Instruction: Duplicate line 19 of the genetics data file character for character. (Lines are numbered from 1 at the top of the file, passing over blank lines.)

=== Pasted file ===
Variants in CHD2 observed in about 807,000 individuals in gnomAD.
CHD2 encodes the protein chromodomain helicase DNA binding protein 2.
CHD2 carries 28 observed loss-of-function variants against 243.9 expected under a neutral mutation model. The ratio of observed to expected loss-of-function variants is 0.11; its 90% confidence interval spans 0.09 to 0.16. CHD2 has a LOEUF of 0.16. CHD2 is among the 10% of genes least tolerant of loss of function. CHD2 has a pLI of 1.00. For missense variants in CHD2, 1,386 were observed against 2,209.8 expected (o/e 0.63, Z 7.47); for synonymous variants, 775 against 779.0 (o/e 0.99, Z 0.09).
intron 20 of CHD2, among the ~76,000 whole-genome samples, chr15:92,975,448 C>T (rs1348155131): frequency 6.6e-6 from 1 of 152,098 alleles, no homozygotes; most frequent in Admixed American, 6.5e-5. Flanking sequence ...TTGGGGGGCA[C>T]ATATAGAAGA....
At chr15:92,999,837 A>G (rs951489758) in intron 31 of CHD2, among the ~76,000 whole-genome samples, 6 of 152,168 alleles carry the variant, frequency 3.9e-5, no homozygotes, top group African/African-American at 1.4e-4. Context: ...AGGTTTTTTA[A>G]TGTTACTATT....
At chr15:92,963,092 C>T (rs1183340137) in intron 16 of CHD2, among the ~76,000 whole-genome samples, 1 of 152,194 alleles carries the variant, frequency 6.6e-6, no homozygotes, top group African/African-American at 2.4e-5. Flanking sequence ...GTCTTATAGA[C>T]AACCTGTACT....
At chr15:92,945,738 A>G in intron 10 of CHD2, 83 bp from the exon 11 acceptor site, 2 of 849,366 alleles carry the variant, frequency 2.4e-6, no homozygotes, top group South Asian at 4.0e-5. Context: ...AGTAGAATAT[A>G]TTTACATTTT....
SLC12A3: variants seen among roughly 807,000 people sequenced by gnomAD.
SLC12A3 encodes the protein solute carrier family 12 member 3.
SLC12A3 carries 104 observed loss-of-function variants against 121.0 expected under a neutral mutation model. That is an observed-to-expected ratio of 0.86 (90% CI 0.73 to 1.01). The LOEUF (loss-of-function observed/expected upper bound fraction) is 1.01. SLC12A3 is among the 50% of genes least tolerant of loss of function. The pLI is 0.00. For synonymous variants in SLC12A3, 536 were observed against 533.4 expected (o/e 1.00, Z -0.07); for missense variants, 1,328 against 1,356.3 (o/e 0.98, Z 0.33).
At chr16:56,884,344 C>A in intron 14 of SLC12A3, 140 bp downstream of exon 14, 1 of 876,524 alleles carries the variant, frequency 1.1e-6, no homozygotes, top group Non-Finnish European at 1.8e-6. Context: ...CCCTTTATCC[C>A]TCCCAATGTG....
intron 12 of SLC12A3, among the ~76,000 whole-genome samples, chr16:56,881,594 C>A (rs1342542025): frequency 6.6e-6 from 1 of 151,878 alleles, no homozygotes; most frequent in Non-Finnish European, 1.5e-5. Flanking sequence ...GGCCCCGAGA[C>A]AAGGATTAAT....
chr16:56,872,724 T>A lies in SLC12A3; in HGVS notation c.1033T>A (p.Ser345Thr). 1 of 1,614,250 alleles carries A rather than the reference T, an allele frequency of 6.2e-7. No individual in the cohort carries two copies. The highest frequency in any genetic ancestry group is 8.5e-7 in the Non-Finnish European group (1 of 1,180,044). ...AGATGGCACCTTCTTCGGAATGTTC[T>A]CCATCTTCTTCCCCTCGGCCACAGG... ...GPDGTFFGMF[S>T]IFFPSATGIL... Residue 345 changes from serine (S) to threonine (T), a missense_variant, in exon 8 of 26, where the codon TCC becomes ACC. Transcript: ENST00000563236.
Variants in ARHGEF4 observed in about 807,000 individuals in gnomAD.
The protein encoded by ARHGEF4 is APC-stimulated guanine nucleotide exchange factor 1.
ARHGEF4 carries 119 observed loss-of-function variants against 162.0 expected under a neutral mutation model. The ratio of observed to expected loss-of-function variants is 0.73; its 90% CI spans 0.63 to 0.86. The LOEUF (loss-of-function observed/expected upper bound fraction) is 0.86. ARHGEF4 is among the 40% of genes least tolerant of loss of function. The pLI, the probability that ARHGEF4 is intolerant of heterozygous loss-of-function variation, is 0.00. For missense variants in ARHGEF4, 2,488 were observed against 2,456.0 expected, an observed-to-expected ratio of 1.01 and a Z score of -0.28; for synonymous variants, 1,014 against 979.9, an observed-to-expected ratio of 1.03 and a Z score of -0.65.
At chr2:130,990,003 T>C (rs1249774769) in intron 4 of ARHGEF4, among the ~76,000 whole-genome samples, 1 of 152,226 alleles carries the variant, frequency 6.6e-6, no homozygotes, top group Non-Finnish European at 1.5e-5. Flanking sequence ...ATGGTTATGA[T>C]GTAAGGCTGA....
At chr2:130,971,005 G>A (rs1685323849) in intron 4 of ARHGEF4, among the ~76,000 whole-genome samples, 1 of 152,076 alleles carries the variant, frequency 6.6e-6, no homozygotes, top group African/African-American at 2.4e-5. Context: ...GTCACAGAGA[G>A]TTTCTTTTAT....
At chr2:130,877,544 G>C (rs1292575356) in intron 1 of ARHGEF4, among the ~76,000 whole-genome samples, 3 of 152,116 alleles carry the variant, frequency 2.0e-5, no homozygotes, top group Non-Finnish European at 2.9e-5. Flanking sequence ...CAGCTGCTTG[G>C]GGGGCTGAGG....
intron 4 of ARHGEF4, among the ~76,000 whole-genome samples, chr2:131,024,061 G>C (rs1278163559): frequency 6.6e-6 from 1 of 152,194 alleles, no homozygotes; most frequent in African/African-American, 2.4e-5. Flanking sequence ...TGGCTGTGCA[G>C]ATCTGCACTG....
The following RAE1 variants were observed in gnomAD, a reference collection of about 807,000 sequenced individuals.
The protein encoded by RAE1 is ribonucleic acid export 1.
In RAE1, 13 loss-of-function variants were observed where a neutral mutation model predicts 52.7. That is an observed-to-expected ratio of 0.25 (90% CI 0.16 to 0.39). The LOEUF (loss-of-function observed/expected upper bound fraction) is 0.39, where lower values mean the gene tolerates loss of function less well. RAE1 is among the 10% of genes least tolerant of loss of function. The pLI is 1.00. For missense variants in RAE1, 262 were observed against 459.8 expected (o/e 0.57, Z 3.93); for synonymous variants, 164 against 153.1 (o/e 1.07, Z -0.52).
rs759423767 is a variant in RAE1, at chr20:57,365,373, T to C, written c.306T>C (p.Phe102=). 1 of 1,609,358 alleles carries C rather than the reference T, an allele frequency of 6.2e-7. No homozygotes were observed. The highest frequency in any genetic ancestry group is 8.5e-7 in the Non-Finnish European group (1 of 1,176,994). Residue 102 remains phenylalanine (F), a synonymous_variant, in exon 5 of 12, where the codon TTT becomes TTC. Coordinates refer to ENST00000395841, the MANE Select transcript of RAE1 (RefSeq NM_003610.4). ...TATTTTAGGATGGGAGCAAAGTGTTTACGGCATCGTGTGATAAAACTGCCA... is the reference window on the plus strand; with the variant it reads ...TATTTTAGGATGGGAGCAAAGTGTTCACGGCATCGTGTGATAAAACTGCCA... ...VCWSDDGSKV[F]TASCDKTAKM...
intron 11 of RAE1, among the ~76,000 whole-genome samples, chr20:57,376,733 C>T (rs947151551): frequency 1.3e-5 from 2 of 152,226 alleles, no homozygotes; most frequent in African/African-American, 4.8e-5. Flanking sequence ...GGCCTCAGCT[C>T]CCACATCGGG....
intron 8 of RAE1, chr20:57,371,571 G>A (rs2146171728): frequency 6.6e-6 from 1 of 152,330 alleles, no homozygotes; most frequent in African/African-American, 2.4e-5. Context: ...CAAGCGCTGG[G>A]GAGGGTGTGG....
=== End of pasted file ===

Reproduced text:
At chr2:130,877,544 G>C (rs1292575356) in intron 1 of ARHGEF4, among the ~76,000 whole-genome samples, 3 of 152,116 alleles carry the variant, frequency 2.0e-5, no homozygotes, top group Non-Finnish European at 2.9e-5. Flanking sequence ...CAGCTGCTTG[G>C]GGGGCTGAGG....